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"We're still active, but, like Vladimir and Estragon, we know about aches and pains!" Stewart adds: "Ian and I are both Northerners, separated only by the Pennines, and I think there's another element there that gives us a shared understanding for the play." Since Godot's British premiere in 1955, which led Harold Hobson, a drama critic of the Sunday Times, to call it "the most unforgettable and important" night of his theatergoing life, the play has been staged in more than 100 countries.
Estragon's unconsciously-uttered statements have a close connection with their previous social life and identity:
Estragon (Richard Heap) and Vladimir (Peter Cadden) swap philosophies, criticisms and insults as they wait for the enigmatic Godot.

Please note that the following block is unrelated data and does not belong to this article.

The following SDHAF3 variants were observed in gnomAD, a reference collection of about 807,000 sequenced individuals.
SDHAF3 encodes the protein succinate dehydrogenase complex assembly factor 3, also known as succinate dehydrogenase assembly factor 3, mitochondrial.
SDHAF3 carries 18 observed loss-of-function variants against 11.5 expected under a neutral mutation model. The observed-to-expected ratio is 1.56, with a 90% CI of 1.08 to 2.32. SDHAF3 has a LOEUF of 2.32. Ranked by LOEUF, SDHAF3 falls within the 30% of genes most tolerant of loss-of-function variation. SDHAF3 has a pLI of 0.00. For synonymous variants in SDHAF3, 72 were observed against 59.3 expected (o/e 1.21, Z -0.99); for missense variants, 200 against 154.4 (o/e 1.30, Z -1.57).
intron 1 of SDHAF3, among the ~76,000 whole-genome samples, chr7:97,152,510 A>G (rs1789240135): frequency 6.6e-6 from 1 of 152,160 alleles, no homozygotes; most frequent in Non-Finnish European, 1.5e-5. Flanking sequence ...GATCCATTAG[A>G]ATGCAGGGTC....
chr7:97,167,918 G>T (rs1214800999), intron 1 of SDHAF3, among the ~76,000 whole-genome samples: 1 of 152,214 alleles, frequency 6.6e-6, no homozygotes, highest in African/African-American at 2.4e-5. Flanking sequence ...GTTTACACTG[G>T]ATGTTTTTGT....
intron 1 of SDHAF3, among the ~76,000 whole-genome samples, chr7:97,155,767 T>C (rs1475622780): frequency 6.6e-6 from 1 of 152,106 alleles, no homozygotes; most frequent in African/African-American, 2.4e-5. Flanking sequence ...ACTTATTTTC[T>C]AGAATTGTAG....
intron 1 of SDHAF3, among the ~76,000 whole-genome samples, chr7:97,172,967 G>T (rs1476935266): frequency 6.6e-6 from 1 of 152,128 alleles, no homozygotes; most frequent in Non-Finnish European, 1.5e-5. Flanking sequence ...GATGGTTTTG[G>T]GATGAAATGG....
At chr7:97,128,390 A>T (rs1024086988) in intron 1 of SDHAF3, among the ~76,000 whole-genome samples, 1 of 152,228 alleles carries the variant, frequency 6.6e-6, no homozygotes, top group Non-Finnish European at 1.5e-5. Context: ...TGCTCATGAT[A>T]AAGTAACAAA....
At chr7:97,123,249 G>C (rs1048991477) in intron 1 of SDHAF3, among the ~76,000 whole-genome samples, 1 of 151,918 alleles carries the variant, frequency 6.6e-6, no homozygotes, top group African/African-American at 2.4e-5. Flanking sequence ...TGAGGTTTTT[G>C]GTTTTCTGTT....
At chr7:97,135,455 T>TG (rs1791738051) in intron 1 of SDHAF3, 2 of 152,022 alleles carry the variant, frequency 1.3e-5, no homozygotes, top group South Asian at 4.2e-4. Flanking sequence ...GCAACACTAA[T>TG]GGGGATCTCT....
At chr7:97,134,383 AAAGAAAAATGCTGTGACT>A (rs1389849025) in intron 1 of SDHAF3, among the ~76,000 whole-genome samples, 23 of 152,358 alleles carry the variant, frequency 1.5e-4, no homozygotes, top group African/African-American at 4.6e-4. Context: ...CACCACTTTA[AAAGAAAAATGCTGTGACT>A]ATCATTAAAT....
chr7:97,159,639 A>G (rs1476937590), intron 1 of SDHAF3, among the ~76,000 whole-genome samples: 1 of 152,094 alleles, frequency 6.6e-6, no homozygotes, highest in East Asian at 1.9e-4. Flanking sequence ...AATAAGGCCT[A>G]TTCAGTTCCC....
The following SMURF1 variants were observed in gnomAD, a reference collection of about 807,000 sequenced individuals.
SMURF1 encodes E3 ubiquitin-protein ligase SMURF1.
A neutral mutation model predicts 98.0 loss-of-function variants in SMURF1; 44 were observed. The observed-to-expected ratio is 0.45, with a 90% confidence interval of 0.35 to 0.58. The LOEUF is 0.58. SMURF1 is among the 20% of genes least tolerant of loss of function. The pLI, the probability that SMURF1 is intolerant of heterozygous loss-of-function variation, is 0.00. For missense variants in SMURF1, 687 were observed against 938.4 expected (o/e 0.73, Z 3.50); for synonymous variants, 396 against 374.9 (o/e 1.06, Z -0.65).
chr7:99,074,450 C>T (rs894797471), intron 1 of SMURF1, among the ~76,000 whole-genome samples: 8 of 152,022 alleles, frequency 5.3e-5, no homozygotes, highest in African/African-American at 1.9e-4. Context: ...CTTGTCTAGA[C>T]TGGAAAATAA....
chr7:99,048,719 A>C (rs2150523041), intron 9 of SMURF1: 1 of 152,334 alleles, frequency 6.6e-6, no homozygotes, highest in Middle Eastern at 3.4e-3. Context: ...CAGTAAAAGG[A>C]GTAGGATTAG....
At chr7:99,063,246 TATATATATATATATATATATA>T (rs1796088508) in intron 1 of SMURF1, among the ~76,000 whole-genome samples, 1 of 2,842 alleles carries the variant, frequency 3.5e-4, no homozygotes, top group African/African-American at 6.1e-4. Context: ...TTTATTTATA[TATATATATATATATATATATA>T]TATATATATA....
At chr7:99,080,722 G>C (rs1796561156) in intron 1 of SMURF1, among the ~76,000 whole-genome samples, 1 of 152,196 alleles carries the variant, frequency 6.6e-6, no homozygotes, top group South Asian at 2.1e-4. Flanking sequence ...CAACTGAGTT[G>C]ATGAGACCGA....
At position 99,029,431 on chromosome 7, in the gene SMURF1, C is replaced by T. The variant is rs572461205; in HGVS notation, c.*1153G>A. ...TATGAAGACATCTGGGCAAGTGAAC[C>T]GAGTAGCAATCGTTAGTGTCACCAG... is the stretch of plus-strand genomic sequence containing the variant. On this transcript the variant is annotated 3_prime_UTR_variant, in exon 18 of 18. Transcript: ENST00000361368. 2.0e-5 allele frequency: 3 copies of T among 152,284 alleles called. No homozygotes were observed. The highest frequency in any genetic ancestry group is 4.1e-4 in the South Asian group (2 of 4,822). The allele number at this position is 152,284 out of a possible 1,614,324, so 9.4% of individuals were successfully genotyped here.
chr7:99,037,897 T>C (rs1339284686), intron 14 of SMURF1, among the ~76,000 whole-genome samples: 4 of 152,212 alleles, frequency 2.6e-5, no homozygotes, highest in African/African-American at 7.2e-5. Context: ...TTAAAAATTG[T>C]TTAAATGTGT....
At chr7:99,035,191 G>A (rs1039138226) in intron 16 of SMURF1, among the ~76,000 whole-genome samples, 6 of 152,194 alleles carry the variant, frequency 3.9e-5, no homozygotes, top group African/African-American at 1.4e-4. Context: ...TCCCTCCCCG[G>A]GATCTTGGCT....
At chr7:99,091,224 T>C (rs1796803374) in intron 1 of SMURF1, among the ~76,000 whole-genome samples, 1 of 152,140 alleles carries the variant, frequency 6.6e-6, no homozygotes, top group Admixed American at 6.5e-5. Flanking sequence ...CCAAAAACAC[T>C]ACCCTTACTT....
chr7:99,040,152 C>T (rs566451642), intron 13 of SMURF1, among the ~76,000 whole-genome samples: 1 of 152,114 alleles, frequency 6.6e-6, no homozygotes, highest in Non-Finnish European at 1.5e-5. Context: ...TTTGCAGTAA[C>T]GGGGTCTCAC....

The SERDs are believed to hold a promising potential for the treatment of hormone receptor-positive breast cancer and other cancers associated with the estragon receptor.
In this regard it is worth revisiting the conversation of Vladimir and Estragon who engage in pointless conversation with Pozzo and Lucky periodically turning up to inform the two protagonists that Godot will come tomorrow, but Godot never shows up.
Often compared to "a piece of jazz music, to which everyone must listen for whatever one may find in it" (Esslin, xv), in En Attendant Godot Beckett sketches the portraits of two tramps, named Vladimir and Estragon, who are waiting in an open road for a mysterious personage, Godot.
"Where do you go from here?" the immortal words of the two geezers - Estragon and Vladimir - the main characters of Samuel Beckett's Waiting for Godot, perhaps best describe the play that cannot be defined in one simple explanation.
In "Waiting for Godot," the friendship between Vladimir (Stewart) and Estragon (McKellen) is the only thing that's keeping Western civilization from sinking back into the primordial mud.
McKellen playe a d Estragon and Stewart Vladimir in Waiting for Godot at the Theatre Royal in London's West End four years ago.